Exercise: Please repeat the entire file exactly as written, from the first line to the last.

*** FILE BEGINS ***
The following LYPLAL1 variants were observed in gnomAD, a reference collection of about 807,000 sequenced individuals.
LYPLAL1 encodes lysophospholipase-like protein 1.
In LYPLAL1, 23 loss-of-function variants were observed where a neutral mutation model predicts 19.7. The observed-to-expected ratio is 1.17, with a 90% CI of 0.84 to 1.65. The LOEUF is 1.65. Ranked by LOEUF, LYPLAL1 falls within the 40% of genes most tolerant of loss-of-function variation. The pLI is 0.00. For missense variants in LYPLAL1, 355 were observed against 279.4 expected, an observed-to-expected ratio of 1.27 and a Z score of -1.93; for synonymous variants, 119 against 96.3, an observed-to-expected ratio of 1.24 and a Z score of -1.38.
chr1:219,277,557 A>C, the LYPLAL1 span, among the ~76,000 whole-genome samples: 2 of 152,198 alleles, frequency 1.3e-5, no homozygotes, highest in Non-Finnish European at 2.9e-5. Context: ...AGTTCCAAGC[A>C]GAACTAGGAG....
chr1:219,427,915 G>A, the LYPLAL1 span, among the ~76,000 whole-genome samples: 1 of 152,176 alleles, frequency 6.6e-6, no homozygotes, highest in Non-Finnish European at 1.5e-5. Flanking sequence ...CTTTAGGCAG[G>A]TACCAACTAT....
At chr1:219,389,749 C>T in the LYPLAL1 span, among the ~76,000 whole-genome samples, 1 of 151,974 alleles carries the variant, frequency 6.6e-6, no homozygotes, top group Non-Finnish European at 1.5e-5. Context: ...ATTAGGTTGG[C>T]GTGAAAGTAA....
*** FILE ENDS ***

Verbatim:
The following LYPLAL1 variants were observed in gnomAD, a reference collection of about 807,000 sequenced individuals.
LYPLAL1 encodes lysophospholipase-like protein 1.
In LYPLAL1, 23 loss-of-function variants were observed where a neutral mutation model predicts 19.7. The observed-to-expected ratio is 1.17, with a 90% CI of 0.84 to 1.65. The LOEUF is 1.65. Ranked by LOEUF, LYPLAL1 falls within the 40% of genes most tolerant of loss-of-function variation. The pLI is 0.00. For missense variants in LYPLAL1, 355 were observed against 279.4 expected, an observed-to-expected ratio of 1.27 and a Z score of -1.93; for synonymous variants, 119 against 96.3, an observed-to-expected ratio of 1.24 and a Z score of -1.38.
chr1:219,277,557 A>C, the LYPLAL1 span, among the ~76,000 whole-genome samples: 2 of 152,198 alleles, frequency 1.3e-5, no homozygotes, highest in Non-Finnish European at 2.9e-5. Context: ...AGTTCCAAGC[A>C]GAACTAGGAG....
chr1:219,427,915 G>A, the LYPLAL1 span, among the ~76,000 whole-genome samples: 1 of 152,176 alleles, frequency 6.6e-6, no homozygotes, highest in Non-Finnish European at 1.5e-5. Flanking sequence ...CTTTAGGCAG[G>A]TACCAACTAT....
At chr1:219,389,749 C>T in the LYPLAL1 span, among the ~76,000 whole-genome samples, 1 of 151,974 alleles carries the variant, frequency 6.6e-6, no homozygotes, top group Non-Finnish European at 1.5e-5. Context: ...ATTAGGTTGG[C>T]GTGAAAGTAA....